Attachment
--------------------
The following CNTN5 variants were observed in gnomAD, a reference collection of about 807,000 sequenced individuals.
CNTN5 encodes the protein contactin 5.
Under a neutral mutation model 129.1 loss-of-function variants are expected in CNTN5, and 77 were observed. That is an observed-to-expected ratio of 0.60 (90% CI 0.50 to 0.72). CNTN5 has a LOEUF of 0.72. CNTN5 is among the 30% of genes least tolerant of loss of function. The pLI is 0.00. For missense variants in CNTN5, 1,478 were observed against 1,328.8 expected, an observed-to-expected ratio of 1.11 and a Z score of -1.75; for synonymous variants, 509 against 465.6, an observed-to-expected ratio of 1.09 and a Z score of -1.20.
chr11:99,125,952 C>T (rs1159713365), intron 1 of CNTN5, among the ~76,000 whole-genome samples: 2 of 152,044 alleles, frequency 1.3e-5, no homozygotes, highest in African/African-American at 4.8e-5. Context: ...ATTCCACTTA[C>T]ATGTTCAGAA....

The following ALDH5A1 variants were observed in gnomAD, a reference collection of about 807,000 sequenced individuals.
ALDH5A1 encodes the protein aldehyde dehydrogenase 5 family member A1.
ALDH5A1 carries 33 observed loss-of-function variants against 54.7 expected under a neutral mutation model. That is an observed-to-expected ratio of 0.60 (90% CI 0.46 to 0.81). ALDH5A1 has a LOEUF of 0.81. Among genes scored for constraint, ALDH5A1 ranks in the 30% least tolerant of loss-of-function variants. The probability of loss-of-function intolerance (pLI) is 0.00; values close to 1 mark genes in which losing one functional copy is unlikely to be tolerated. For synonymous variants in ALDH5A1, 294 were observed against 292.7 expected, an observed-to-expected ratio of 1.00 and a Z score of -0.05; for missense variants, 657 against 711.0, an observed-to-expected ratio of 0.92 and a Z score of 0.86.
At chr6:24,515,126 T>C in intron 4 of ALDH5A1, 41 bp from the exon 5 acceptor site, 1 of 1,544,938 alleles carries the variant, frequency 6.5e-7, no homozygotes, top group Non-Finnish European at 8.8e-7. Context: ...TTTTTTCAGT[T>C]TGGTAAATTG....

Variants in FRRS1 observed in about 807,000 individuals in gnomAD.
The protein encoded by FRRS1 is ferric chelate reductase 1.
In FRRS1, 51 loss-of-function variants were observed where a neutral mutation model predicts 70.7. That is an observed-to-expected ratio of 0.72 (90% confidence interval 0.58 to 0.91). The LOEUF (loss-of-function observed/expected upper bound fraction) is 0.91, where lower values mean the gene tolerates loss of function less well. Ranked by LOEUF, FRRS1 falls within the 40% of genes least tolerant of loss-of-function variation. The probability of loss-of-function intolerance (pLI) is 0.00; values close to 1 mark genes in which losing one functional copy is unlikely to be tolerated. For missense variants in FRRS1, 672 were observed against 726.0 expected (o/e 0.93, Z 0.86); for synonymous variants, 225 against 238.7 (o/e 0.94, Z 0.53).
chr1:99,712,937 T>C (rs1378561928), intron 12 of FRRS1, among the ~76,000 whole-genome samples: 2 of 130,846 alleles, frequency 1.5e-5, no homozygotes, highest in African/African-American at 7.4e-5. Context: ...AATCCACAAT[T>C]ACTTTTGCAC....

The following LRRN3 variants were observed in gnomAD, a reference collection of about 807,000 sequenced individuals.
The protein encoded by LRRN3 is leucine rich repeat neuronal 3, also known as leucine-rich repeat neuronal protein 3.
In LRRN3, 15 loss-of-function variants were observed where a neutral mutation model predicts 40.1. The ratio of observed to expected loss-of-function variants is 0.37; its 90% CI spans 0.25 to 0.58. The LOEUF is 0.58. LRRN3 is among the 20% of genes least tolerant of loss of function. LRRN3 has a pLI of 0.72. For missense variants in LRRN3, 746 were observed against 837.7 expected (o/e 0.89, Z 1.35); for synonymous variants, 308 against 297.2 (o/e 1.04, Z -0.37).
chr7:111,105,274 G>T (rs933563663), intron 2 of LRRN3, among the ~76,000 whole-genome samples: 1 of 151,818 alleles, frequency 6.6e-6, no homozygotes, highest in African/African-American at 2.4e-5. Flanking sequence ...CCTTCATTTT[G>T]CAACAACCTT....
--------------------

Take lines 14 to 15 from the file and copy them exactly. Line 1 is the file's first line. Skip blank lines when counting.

The protein encoded by LRRN3 is leucine rich repeat neuronal 3, also known as leucine-rich repeat neuronal protein 3.
In LRRN3, 15 loss-of-function variants were observed where a neutral mutation model predicts 40.1. The ratio of observed to expected loss-of-function variants is 0.37; its 90% CI spans 0.25 to 0.58. The LOEUF is 0.58. LRRN3 is among the 20% of genes least tolerant of loss of function. LRRN3 has a pLI of 0.72. For missense variants in LRRN3, 746 were observed against 837.7 expected (o/e 0.89, Z 1.35); for synonymous variants, 308 against 297.2 (o/e 1.04, Z -0.37).